Beyond The Club: Family rave DJs – Baker & Beale
Say Kids, What Time is It?
It’s official: Raving and parenting are actually an exceptional blend of life roles and goals. Previously considered a scary oxymoron, and only ever attempted when a family member is up for a marathon babysitting sesh, the two now come hand in hand thanks to family raves.
One of the biggest clubland trends this decade; ‘family raves’ tap into a growing generation of ravers who are now parents. Not only do they refuse to hang up their raving boots, but they want to introduce the pleasures of a good old skank on the dancefloor to their kids. They’re not just having it large to any old DJs either; events such as Big Fish Little Fish, the most prominent and longest running family rave events in the UK (who created this phenomenon and recently sold out London institution Fabric) are famed for regularly booking iconic and cult DJs. Names such as Basement Jaxx, Tom Middleton, 2 Bad Mice, London Elektricity, Nookie and Mark Archer have all graced the BFLF decks.
Two hours later we were covered in paint, off our rockers on Haribo and it was a massive buzz
Their in house DJs Iain Baker and Dylan Beale know how to smash it, too. Like the best resident DJs, they’re often better than the guests because they know the crowd; they know exactly what to draw, when to draw it and how to mix it in… For a crowd predominantly made of nought to eight year olds.
But if you’re wondering what tracks will make a five year old throw their shoe, demand a rewind or suddenly start having aspirations to join a horn crew when they grow up, think again; Baker & Beale’s golden rule isn’t to play for the kids… It’s to play for the mums. Like most things in family life, if mum’s happy, everyone’s happy. This now applies to raving too. Find out more on one of the most beautifully bizarre and totally wholesome new clubbing experiences this century.
Take us back. How did you become residents at family raves?
Baker: I’ve been working with them since the very first one. Before then I had a long career DJing and I’d got to the point where I was doing little jobs. Partly because I had a family but also I was doing a lot of indie nights and had run down the path of just becoming what’s known as a shuffle DJ. You’re an iPod playing on shuffle. A bit of this, a bit of that, a bit of something else. It’s not very fulfilling. When I was invited to play at Big Fish Little Fish I wasn’t sure what to expect but, as soon as I played, it all made sense and made me want to be a DJ again.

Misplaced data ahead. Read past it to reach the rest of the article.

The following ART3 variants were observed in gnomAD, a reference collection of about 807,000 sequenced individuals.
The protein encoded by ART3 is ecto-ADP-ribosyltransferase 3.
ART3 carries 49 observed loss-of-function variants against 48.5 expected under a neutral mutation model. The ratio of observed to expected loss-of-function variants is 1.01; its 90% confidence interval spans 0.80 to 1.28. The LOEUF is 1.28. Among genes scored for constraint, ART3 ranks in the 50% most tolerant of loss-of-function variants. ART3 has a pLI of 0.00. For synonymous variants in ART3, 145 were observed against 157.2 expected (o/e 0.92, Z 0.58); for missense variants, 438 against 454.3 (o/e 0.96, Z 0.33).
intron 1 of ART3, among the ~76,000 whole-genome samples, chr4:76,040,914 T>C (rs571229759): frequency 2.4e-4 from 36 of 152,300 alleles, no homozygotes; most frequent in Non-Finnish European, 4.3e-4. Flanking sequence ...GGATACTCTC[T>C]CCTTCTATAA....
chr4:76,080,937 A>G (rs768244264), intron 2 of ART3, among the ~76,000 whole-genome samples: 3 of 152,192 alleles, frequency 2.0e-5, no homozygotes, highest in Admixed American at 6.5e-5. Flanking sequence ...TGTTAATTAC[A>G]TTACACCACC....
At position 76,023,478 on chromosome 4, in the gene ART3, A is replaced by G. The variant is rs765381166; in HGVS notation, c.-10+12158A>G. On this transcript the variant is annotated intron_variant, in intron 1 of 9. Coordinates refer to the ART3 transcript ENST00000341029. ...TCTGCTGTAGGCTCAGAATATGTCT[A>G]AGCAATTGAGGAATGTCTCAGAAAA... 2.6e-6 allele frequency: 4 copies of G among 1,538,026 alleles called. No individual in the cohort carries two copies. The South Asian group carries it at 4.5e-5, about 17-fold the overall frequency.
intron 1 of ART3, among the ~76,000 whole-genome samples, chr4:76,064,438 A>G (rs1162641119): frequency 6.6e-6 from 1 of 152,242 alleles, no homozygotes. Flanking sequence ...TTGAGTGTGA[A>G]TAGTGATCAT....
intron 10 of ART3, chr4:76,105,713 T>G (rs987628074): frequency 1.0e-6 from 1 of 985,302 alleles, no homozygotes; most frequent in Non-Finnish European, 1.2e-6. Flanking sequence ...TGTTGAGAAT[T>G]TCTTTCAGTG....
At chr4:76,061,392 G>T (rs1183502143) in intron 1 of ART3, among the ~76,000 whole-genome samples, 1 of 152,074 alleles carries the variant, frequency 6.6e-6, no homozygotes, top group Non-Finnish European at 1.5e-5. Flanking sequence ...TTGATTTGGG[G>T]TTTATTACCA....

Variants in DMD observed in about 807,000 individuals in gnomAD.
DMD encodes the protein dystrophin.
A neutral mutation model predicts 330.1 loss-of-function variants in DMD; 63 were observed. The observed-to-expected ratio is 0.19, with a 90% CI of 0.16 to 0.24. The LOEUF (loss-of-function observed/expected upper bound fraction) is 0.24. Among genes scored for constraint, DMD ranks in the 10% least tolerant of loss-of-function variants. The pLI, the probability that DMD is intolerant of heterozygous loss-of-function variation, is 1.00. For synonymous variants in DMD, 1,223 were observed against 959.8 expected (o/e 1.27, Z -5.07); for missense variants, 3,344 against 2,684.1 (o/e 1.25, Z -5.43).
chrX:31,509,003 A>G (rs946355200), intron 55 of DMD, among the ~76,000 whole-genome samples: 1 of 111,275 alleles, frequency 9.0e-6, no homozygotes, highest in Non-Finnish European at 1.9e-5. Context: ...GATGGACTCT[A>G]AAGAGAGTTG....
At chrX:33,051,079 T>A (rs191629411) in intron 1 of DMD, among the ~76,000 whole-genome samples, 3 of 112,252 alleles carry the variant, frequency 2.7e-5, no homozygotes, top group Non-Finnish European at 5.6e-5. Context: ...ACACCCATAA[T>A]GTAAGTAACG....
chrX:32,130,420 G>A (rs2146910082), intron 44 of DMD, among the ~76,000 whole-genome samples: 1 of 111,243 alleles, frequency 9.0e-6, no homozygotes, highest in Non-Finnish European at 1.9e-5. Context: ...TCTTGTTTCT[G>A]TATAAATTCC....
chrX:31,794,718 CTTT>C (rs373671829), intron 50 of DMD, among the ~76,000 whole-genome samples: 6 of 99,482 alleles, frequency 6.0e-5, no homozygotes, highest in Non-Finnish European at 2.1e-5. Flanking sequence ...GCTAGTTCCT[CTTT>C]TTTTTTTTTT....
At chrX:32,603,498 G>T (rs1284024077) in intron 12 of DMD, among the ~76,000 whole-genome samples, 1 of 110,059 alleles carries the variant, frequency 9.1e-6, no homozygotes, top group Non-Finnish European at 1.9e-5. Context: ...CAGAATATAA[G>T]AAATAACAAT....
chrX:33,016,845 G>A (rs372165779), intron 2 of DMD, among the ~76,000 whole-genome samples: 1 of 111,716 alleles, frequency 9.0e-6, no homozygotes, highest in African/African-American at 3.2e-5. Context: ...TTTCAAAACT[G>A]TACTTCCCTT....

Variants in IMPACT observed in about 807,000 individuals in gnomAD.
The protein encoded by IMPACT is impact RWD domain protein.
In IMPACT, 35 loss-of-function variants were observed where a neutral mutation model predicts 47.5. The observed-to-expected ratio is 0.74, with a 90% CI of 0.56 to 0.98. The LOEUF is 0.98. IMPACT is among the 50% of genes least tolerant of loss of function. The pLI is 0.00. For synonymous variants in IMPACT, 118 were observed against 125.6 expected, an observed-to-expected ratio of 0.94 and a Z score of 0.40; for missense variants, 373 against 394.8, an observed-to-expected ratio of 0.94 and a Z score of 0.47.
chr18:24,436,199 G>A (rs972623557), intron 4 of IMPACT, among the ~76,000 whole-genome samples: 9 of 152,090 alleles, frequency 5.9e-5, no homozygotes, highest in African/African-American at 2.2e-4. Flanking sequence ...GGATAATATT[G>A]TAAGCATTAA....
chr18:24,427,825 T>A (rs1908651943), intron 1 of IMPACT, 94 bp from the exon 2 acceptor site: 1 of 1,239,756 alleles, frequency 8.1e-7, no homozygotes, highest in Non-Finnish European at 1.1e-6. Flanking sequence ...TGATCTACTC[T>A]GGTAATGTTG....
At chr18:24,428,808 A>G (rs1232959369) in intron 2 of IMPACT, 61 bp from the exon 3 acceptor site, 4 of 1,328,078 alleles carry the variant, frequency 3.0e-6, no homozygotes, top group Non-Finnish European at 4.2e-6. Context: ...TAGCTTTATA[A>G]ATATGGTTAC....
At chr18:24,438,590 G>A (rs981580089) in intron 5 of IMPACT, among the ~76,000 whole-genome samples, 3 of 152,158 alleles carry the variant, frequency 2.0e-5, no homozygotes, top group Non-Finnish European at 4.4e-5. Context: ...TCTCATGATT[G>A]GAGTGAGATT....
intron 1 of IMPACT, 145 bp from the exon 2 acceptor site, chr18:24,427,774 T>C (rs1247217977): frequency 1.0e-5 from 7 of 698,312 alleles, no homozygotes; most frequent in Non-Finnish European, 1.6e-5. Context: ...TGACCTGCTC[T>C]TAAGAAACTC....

You were re-inspired!
Baker: Completely. Before then I’d play some dub, then some Eagles, then some Killers. You can do it without mixing and all those things you learn as a DJ evaporate. But at Big Fish Little Fish you’re forced to be a club DJ again and it is totally inspiring.
How about you Dylan?
Beale: I hadn’t DJ’d for years either. I used to DJ a lot a long time ago, I still had my decks and vinyl in the shed. Iain invited me to come and play at an event in Hobbledown on a boiling hot summer’s day in Epsom. I couldn’t get my head around what we were supposed to play and who the audience were. Two hours later we were covered in paint, off our rockers on Haribo and it was a massive buzz. It made me realise what I missed.
You were half of jungle act Rude & Deadly, right?
Beale: That’s right. Shortly afterwards I ended up working in video games, writing music and creating sound FX. That took over from DJing and producing jungle and drum & bass. But I was hooked after my first Big Fish Little Fish experience. Watching people having a blast on the dancefloor is great but watching them enjoy it with their kids is another level. The key thing we’ve learnt is to not play for the kids. If the parents are dancing, the kids will too.